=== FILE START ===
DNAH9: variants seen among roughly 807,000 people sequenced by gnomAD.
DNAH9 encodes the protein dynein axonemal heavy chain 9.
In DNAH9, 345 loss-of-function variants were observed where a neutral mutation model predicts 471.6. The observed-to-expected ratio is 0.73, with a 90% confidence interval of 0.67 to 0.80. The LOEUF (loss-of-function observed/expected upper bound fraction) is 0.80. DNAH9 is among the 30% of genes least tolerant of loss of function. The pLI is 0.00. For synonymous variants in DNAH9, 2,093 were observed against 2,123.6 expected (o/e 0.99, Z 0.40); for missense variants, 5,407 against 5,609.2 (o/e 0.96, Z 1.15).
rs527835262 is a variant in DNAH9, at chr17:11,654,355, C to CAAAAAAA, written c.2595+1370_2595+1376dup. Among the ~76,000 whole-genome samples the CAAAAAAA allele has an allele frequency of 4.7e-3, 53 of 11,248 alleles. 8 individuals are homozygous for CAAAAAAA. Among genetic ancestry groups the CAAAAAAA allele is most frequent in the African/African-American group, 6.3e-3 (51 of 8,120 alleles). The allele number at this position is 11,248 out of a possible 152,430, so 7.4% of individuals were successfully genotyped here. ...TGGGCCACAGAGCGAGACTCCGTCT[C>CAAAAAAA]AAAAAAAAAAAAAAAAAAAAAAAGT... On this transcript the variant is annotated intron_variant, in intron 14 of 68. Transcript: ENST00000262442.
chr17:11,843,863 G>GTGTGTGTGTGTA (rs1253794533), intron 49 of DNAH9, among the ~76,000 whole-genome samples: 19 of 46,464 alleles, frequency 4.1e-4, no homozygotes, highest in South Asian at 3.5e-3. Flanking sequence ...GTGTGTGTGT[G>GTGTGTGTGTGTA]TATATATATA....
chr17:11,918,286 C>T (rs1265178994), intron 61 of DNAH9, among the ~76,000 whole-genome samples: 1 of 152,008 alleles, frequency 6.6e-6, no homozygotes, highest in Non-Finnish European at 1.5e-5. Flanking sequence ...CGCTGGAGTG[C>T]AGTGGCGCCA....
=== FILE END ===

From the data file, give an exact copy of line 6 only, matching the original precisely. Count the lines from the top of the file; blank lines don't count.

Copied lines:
chr17:11,918,286 C>T (rs1265178994), intron 61 of DNAH9, among the ~76,000 whole-genome samples: 1 of 152,008 alleles, frequency 6.6e-6, no homozygotes, highest in Non-Finnish European at 1.5e-5. Flanking sequence ...CGCTGGAGTG[C>T]AGTGGCGCCA....